First to be evaluated was Clean-22 Sub-Sonic. Using the process outlined above, it took seven patches to clean the bore. Its high-speed sibling and the Mini-Mag load both required two additional patches. Still, there was no sign of plastic residue with Clean-22 High Velocity. Unsurprisingly, the exposed-lead Standard Velocity ammunition was the most difficult to clean; in addition to requiring four more patches than Clean-22 Sub-Sonic to tidy the barrel, the suppressor had significant leading—again, a real headache. The Mite sound suppressor had minimal fouling with the Clean-22 loads, and no plastic particles were located. Similar cleanliness was found with the copper-plated bullets of the Mini-Mag offering.
Due to the 16.5-inch length (sans suppressor) of the Tactical Solutions barrel, velocities at 10 feet were understandably slower than advertised. Clean-22 Sub-Sonic posted a 10-shot average velocity of 1035 fps, while its high-speed brethren went 1170 fps standard deviations (SD) were 23 and 19, respectively.
It’s worthy to note that the 1070 fps velocity of the 40-grain CCI Clean-22 Sub-Sonic round is the same as the CCI 40-grain Standard Velocity. That’s why functioning was flawless; the company’s other low-noise, quiet, subsonic and suppressor ammunition has lower velocities—sometimes significantly so. Therefore, functioning in semi-automatics isn’t guaranteed to be reliable with them. Not the case with Clean-22. The Standard Velocity load had an average velocity of 1039 fps—within 4 fps of the Clean-22 Sub-Sonic—and an impressive SD of 9. Boasting the same 1235 fps published velocity as Clean-22 High Velocity, it makes sense that the Mini-Mag load was close in speed, too; in fact, at 1166 fps, the 10-shot average was also only 4 fps different than the Clean-22 High Velocity.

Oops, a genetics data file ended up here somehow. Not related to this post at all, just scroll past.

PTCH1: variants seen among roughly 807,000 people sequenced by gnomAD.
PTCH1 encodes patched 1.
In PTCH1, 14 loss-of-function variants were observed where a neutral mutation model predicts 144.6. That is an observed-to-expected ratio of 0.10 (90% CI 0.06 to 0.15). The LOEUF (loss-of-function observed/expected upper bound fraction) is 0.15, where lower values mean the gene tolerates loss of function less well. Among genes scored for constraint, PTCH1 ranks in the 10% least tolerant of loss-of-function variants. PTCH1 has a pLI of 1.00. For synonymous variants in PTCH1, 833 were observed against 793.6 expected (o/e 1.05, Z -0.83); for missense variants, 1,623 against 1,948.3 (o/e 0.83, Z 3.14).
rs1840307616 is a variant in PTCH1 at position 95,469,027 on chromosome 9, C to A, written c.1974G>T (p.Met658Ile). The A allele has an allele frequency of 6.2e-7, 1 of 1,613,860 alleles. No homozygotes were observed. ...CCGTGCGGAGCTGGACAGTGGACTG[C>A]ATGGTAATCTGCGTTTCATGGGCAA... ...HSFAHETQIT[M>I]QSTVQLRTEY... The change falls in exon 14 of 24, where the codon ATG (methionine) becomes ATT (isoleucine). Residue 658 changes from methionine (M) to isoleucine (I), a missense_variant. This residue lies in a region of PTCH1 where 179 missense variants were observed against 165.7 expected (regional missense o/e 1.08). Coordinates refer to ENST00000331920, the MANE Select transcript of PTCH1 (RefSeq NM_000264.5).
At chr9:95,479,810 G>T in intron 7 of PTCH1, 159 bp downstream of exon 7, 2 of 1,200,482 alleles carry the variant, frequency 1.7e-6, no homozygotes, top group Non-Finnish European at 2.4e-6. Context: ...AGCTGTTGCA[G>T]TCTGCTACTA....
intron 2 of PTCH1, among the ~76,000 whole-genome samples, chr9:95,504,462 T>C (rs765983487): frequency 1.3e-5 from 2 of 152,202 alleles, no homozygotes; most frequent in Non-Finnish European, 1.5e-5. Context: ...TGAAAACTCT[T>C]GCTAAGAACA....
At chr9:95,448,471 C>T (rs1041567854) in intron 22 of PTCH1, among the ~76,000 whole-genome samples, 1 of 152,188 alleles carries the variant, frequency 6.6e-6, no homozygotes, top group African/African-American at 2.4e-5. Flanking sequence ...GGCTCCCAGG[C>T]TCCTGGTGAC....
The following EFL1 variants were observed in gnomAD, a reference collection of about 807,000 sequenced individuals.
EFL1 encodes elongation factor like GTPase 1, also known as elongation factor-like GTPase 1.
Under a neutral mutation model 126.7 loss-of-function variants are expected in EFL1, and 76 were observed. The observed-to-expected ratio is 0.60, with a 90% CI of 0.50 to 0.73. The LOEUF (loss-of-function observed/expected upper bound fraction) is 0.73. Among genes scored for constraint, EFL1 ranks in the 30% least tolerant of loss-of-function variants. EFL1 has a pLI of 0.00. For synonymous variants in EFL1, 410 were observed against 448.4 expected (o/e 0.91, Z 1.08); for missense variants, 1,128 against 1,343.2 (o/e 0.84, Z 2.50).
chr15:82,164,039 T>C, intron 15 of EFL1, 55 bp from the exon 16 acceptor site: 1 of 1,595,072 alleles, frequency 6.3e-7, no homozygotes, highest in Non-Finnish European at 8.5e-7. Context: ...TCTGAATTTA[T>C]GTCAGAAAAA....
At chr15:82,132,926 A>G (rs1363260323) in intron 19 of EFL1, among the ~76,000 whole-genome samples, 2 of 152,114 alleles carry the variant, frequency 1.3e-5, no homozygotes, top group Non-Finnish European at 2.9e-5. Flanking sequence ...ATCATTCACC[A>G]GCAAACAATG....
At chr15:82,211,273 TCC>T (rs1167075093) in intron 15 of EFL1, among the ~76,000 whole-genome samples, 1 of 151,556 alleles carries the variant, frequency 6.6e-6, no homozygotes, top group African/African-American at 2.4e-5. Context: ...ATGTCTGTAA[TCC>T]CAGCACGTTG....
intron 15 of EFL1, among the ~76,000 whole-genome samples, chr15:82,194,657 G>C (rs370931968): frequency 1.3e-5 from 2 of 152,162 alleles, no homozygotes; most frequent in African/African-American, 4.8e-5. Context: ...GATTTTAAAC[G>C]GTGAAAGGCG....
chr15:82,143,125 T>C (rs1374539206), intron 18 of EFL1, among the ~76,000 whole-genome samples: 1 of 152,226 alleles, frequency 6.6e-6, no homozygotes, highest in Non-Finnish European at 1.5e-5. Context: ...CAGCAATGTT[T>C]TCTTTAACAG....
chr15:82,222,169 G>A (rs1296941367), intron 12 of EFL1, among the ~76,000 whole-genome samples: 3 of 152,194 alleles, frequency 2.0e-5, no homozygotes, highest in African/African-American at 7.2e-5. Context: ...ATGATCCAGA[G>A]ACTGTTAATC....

In addition to evaluating cleanliness and velocities, I also shot five consecutive, five-shot groups with each load at 50 yards from a sandbag rest. Often in life there are tradeoffs, and in my .22, the tradeoff for ease of cleaning was accuracy degradation. Unfortunately, both Clean-22 loads couldn’t match the accuracy from their predecessors. Whereas the Clean-22 Sub-Sonic averaged 1.10-inch, Standard Velocity generated a 0.62-inch average. Similarly, Clean-22 High Velocity produced a mean of 1.16-inch, and Mini-Mag averaged 0.69-inch. Functioning was a non-issue with all loads.
While some will chide Clean-22 because it was not as accurate as its peers, one mustn’t forget the primary intent of this new offering—cleanliness. Indeed, the results revealed that it was equally, if not more, clean than its copper-plated sibling, and far better than the traditional lead bullets. The time you save not scrubbing your bore and suppressor can be used for better things, such as enjoying shooting your rifle instead of constantly cleaning it.
Notes: Velocities recorded by a Competition Electronics chronograph from a 16.5-inch (without suppressor) Tactical Solutions barrel at 10 feet. Accuracy is the average of five consecutive five-shot groups at 50 yards from a sandbag rest.
• Temperature: 67 degrees
• Humidity: 38%
• Abbreviations: CPRN (copper-plated round-nose), HV (High Velocity) LRN (lead round-nose), RN (round-nose), SD (standard deviation), SS (Sub-Sonic), SV (Standard Velocity).